I feel truly grateful.
Everything that could go right in my life is, and I have a feeling I know what sparked it off. It was the action of one kind person, who sent me a moving text message out of the blue. I couldn’t stop thinking and talking about it for days afterwards.
One act of kindness affected me deeply; and the more attention I gave to it, the more people’s kind acts toward me seemed to multiply. It not only put me in a good mood and made me feel special, it affected what I attracted into my life and how I treated other people. I found myself wanting to be kinder in order to make other people to feel as good as I did!
When people responded positively to my gestures, I felt great! I was actually a little proud of how thoughtful I could be. The day I slipped up and was rather mean to someone, I felt terrible. This was definitely not the type of person that I wanted to be.
Most of us readily accept the idea that it is right, from a moral standpoint, to be kind to others. From an early age, beginning with our parents to our teachers at school or even at church, we’re inculcated with the principle that it’s good to extend kindness to other people, particularly those who’re less fortunate than we are.
The wise amongst us realise that kindness has been bestowed upon us even when we didn’t deserve it. Our parents didn’t have to put up with our bad behaviour for as long as they did, feeding us and putting us through school despite our sometimes monstrous and delinquent behaviour.
What about God, hasn’t he blessed us immeasurably despite our shortcomings; and shouldn’t that make us want to be kinder to others?
But how kind are you, really?
When was the last time you did anything nice for somebody without being asked? New scientific research shows that kindness is not only good; it’s actually good for you. It benefits the recipient, the doer, as well as any third party observing the kind act!
Being kind, especially when we expect nothing in return, can make us happy over an extended period of time.
Showing kindness to those who have less than us can make us appreciate what we have. It provides us with a welcome distraction from our problems. If you find yourself ruminating over what’s going wrong in your life, try turning that attention to someone who’s obviously worse off that you, and see how fast that cures you of that particular affliction.
Kindness also leads us to view ourselves in a more positive light. It promotes our confidence and optimism; as well as our sense that we can have a positive impact on the lives of others.
For people who like to volunteer to support worthy causes, research has shown that this can not only highlight their resourcefulness and expertise, but it also gives them the feeling that they’re in control of their lives. This, in turn, promotes a sense of self-efficacy and accomplishment; and meaning and value in their lives.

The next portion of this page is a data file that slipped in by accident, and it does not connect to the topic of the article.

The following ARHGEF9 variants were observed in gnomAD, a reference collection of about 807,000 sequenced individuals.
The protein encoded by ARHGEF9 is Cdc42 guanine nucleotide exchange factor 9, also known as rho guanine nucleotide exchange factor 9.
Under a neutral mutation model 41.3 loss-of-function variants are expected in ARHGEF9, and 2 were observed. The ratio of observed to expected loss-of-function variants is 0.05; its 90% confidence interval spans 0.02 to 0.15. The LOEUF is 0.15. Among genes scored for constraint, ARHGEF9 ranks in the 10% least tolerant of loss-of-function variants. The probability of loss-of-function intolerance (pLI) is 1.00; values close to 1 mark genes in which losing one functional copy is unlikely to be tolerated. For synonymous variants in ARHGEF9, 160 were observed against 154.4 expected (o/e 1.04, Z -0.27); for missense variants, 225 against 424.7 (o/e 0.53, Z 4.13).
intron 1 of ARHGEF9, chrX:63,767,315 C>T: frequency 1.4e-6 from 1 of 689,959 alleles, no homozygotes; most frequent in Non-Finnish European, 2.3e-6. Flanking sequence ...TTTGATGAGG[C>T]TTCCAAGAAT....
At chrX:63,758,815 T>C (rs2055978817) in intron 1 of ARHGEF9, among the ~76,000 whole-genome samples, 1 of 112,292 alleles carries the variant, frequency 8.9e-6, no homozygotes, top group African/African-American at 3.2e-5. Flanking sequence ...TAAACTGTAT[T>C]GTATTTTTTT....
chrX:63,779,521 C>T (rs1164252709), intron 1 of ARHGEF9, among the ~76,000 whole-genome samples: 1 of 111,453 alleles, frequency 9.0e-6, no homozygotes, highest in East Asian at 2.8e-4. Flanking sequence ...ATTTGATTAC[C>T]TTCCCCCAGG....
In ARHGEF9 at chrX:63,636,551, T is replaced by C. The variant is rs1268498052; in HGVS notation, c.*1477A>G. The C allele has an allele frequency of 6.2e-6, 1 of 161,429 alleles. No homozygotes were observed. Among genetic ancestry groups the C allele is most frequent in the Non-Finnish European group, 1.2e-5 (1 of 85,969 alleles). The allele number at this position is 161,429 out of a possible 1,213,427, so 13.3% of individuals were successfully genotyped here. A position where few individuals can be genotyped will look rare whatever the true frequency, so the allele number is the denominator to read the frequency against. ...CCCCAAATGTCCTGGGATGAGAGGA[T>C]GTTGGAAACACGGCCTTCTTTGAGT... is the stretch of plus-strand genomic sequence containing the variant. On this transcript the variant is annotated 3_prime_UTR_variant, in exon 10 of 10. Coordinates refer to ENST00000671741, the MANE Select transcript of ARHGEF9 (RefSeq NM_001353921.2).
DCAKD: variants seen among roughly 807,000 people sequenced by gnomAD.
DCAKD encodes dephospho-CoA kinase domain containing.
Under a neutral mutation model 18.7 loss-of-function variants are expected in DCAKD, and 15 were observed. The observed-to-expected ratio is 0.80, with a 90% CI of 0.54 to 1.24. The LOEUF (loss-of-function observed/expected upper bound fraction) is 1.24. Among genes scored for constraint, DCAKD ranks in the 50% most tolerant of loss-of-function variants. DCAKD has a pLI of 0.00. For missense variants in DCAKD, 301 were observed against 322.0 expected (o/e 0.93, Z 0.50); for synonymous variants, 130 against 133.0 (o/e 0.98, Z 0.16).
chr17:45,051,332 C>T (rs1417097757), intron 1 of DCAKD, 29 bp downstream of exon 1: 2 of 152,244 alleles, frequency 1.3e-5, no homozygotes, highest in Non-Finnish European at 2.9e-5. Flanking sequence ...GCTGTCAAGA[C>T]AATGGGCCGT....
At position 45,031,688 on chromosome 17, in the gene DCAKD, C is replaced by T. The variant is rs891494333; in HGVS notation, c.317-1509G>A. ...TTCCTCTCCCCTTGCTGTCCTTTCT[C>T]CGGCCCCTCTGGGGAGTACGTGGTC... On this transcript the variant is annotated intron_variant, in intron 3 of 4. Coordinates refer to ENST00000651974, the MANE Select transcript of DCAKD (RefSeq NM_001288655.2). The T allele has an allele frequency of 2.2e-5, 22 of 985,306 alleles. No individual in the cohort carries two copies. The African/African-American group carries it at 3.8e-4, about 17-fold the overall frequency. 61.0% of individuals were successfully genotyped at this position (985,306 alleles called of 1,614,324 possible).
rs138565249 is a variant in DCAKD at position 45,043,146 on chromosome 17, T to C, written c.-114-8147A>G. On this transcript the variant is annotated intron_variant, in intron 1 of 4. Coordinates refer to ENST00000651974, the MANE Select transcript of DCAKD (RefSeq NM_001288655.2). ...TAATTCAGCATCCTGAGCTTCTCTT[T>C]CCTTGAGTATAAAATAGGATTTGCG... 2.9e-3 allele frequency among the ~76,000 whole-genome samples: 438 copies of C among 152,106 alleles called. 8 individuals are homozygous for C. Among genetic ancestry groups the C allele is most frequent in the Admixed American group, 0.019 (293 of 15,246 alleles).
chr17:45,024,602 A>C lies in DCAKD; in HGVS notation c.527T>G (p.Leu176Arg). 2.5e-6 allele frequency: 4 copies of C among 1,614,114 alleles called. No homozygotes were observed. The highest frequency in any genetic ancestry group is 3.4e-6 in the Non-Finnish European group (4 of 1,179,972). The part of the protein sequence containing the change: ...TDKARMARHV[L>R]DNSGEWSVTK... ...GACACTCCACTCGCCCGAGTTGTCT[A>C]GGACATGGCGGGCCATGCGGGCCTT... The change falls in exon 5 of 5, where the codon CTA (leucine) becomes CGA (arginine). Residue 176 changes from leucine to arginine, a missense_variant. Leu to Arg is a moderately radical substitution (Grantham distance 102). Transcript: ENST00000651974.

Volunteering is also associated with diminished depressive symptoms and greater happiness. In a research study conducted with volunteers, it was discovered that they received a boost to their global life satisfaction that was seven times higher than that of the people they volunteered to assist. In other words, kindness counts.
Kindness can also help you to forge wonderful connections with other people. When you’re kind, people not only appreciate your good deed, they’re also likely to respond to you in your time of need. This is not to say that you should turn acts of kindness into a quid pro quo, only that despite what you may think, your kindness probably doesn’t go by unnoticed. Or, as Aesop put it, “no act of kindness, however small, is ever wasted.”
This week, try being kind and see the effect it has on you. You can start with something easy, like smiling more at other people; letting a car cut in front of you in traffic; or letting a parent with three screaming kids cut in front of you in the queue at the bank or supermarket. You’d be surprised at just how good these small gestures make you feel.
Choose one day of the week where you will perform three to five small acts of kindness for people, or one big act of kindness. Research shows that performing such kind acts over a short period of time (such as a day) has the greatest effect because it sticks out more in our minds. Continue this practice every week and watch it lift your spirits.
If you’re a naturally kind person, do things over and above what you would normally do. For example, if you normally baby-sit for your friends, offering to do the same thing may not boost your mood; whereas cooking a meal for your partner, might. The key thing here is variation. Your kind acts should remain fresh and meaningful to you.
You don’t need to look for major cause to dedicate your life to. Start with the people closest to you: your spouse, your housekeeper, your children and colleagues – they deserve your kindness too.
You also don’t have to help people at the expense of your own well-being – nobody’s asking you to become a martyr. And please don’t help people because you’re forced to, that will only make you feel resentful.
Also important is not to be condescending when you offer assistance. Think of your kind act as primarily intended to benefit you. In your mind, see the person you’re helping as they would like to be seen ÔÇô as strong and successful, not an object of pity. Don’t broadcast how kind you’ve been to a ‘needy’ person.
The milk of human happiness is kindness. Be kind, because it will make you happier.